Attorneys for the state raised questions about potential harm to other districts in the rest of the state if the judge intervenes to potentially stop the flow of money to school districts until the funding distribution system is more fair to Chicago.

Purvis echoed the attorneys’ argument in a phone interview with WBEZ.

“To stop all payments going forward is just going to exacerbate the problem for every district,” Purvis said. “We just don’t think this is the answer.”

CPS chief Forrest Claypool said the judge has the latitude to rule in a way that doesn’t hurt any students.

“The judge has broad powers under the Illinois Civil Rights Act to fashion a remedy that protects our children from the irreparable harm of a shortened school year and other harms and cuts to the classroom, without harming anyone else in the state,” Claypool said.

State officials claim that Chicago received $74 million more from the state last year under the general aid funding formula, which is based on enrollment, the number of low-income students and property values. Purvis called on Claypool and other CPS officials to work with state lawmakers to overhaul the entire state funding formula rather than narrowly focus on pension disparities.

“Let’s remember that Forrest Claypool put forward a budget to the CPS school board that they adopted that had a $215 million hole in it for which there was no revenue or appropriations,” Purvis said. “In some ways, this is a crisis of their own making.”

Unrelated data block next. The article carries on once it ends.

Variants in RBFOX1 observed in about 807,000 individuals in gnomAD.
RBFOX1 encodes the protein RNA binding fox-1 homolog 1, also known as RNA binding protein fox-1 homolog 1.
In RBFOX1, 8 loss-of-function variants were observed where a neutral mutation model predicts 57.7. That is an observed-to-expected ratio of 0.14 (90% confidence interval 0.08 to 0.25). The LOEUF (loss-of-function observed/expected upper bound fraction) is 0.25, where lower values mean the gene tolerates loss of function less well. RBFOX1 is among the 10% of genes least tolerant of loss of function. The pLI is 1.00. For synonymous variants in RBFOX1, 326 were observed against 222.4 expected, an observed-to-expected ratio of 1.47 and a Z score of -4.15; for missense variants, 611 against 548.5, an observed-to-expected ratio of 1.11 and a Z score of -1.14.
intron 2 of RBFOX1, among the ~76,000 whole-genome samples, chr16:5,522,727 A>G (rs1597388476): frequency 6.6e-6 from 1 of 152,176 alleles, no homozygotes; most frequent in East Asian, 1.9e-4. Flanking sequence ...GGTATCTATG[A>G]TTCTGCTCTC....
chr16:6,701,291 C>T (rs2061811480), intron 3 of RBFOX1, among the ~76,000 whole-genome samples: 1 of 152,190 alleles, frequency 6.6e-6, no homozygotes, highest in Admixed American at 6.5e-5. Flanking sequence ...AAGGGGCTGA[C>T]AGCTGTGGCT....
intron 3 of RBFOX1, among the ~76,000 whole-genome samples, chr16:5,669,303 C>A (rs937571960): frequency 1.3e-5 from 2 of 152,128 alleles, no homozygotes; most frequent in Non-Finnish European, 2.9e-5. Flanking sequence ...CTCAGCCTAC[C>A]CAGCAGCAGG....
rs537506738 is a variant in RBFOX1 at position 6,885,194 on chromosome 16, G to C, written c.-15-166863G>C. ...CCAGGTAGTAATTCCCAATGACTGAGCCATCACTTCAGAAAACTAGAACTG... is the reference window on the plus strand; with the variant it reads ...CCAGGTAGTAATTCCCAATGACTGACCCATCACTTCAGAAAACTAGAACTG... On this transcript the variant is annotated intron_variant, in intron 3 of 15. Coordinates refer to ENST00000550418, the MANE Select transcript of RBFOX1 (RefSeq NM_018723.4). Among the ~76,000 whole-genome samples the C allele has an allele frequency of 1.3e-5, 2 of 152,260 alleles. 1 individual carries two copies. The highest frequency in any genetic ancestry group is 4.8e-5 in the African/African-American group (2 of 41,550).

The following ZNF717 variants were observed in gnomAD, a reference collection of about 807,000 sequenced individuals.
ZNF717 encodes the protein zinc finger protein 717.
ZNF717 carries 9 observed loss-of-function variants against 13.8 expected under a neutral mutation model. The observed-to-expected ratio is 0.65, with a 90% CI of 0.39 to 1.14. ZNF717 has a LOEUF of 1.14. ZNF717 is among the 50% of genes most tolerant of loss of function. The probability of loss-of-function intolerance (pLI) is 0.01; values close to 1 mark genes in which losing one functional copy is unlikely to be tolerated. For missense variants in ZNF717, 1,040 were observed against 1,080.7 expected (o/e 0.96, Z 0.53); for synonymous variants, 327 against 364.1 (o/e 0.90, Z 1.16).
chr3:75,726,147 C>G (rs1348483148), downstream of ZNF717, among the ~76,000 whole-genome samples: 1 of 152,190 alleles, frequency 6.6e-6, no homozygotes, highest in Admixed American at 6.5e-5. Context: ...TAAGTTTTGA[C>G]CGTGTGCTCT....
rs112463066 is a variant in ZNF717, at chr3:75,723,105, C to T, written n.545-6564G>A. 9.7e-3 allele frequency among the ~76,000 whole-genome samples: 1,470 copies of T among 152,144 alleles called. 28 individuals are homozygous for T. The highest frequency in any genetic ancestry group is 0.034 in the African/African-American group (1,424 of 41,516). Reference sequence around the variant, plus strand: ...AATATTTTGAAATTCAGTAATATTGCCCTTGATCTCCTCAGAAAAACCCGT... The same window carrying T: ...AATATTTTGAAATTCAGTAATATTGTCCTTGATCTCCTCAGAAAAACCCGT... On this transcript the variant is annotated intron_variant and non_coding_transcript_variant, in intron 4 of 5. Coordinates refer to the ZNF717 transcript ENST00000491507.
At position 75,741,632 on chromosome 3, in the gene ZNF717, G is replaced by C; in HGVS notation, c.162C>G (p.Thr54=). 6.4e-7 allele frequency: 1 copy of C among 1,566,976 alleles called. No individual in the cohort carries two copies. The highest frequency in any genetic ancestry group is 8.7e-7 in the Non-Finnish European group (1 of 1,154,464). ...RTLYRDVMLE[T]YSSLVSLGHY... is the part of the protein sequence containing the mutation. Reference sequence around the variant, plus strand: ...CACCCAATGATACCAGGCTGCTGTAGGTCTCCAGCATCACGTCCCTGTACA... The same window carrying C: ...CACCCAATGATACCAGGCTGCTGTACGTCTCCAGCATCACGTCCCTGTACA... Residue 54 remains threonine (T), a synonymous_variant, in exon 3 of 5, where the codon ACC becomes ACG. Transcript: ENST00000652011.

CPS filed its suit in February as a last-ditch effort to find money to make a required $720 million pension payment on June 30. This latest budget crisis was prompted by Rauner’s December veto of $215 million for the school system. CPS had counted on that money to help make its pension payment, but Rauner said it was never guaranteed.

Rauner said the $215 million was contingent on the passage of a larger state pension reform bill, which didn’t happen. Rauner has argued that CPS’ current fiscal woes are due to what he has called “decades of financial mismanagement.”

To fill that $215 million hole, CPS already has instituted a series of mid-year cost-cutting measures, including mandating four unpaid days for staff when classes are not in session and cutting school budgets. CPS still must come up with more than $100 million by June and has threatened to end the school early on June 1 as a last resort.

As an alternative to waiting on a state bailout, some aldermen and advocates want the city to devise its own funding solution. They are pushing ordinances to permanently tap into cash in the city’s tax increment financing districts and to reimpose a corporate head tax.

The odds of passage aren’t good. On Tuesday, the City Council Finance Committee delayed action on a long-stalled TIF ordinance. Using TIF cash to plug current CPS’ budget hole is supported by Rauner but opposed by Mayor Rahm Emanuel, who wants the state to pay the primary cost for teacher pensions in Chicago as it does for all other school districts. The mayor also opposes a city head tax and made great hay of repealing it in his first term.

Becky Vevea covers education for WBEZ. Follow her at @WBEZEducation.